braking in a corner. I have been trying to purposefully learn how to take corners faster in an effort to not be afraid of leaning the bike as low as possible. However, in a panic situation, I don't really know that I won't panic and do the wrong thing.
The V-Stroms don't lean even 40 degrees off vertical before the pegs touch. At that lean angle, the sideways acceleration is about 0.84 g's, and on dry pavement with decent (not old and hard) tires, there is about 1.1 g's of side traction available. [a] This means that when you touch the pegs, you've got about 30 percent traction margin absent gravel, leaves, oil, etc. On wet, non-oily pavement, available side traction falls to about 0.7 g's [a], so touching the pegs is clearly counter-indicated then.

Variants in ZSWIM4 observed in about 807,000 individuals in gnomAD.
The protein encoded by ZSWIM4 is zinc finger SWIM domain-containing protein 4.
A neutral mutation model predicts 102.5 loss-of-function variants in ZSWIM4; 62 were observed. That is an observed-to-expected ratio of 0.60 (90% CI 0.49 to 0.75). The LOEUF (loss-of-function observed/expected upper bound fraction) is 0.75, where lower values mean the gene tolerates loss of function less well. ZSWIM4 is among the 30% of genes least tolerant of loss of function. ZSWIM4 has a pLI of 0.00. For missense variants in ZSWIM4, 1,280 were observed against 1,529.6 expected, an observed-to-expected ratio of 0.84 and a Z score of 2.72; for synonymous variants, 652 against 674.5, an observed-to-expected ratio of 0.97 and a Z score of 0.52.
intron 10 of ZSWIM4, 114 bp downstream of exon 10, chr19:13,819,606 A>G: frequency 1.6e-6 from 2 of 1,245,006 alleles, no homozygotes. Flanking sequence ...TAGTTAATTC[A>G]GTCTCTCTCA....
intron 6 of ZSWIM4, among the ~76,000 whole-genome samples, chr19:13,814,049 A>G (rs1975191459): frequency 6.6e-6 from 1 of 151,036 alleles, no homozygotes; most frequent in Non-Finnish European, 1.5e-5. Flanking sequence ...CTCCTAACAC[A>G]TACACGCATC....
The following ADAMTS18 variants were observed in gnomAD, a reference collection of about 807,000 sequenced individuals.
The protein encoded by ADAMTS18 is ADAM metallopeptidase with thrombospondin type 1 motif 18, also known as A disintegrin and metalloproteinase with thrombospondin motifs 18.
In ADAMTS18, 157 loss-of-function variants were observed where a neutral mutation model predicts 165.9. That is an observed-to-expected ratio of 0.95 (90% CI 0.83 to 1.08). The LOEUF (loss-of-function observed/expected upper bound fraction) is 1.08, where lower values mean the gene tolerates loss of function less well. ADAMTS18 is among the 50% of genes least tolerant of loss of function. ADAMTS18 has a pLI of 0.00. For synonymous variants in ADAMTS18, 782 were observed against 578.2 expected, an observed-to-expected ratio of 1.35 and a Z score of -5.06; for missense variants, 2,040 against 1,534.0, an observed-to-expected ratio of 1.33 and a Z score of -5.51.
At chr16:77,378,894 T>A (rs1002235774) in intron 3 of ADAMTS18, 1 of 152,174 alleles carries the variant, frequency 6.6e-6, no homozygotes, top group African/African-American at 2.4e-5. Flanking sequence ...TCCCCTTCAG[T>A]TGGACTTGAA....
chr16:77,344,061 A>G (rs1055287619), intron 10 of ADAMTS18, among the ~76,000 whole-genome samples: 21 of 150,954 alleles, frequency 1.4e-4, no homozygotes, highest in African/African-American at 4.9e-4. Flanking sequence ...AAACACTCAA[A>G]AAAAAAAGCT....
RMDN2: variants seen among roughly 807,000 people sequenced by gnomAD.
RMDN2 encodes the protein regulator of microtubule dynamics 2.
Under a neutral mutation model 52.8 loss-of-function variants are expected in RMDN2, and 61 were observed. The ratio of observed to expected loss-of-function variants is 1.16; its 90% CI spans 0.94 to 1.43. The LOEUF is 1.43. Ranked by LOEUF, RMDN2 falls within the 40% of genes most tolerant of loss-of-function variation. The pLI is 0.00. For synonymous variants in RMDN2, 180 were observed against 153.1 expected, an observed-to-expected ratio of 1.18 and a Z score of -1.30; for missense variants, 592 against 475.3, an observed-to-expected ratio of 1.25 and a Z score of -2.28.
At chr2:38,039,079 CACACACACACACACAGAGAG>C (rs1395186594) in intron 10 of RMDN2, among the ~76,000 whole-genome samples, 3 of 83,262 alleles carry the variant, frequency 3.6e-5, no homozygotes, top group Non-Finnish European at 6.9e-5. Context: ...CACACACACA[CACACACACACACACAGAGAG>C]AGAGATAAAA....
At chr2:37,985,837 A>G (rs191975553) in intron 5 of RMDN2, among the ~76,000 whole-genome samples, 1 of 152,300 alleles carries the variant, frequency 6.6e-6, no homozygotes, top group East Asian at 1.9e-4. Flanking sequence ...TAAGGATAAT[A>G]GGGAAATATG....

[a. My traction figures are taken from a publication, "The Pneumatic Tire
", published by the U.S. National Highway Traffic Safety Administration. I have translated coefficients of friction to g's because it's valid and easier to comprehend. See figures 11.39 (wet) and 11.43A (dry).]
Why should anybody care about this sort of physics? I cared because it made clear that the bike is well short of sliding when the pegs are not scraping hard.
I gainsay nothing others have said about confidence. Ultimately, with experience, you'll understand traction margin at a gut level. The physics is just maybe a shortcut.
One thing I found very worthwhile in "The Pneumatic Tire" was seeing how gradually traction falls off on the backside of the traction versus slip curves (references in above footnote.) It is gradual enough to readily explain why we can feel some sliding on tight turns without the bike just suddenly slipping out from underneath us. What this means in practice is that it is not reckless, on good, known and dry pavement, to gently approach the sliding threshold and discover how the bike behaves there. (This should, of course, only be done someplace, such as a track, where a lowside crash would mean just a scraped bike and gear rather than serious injury.)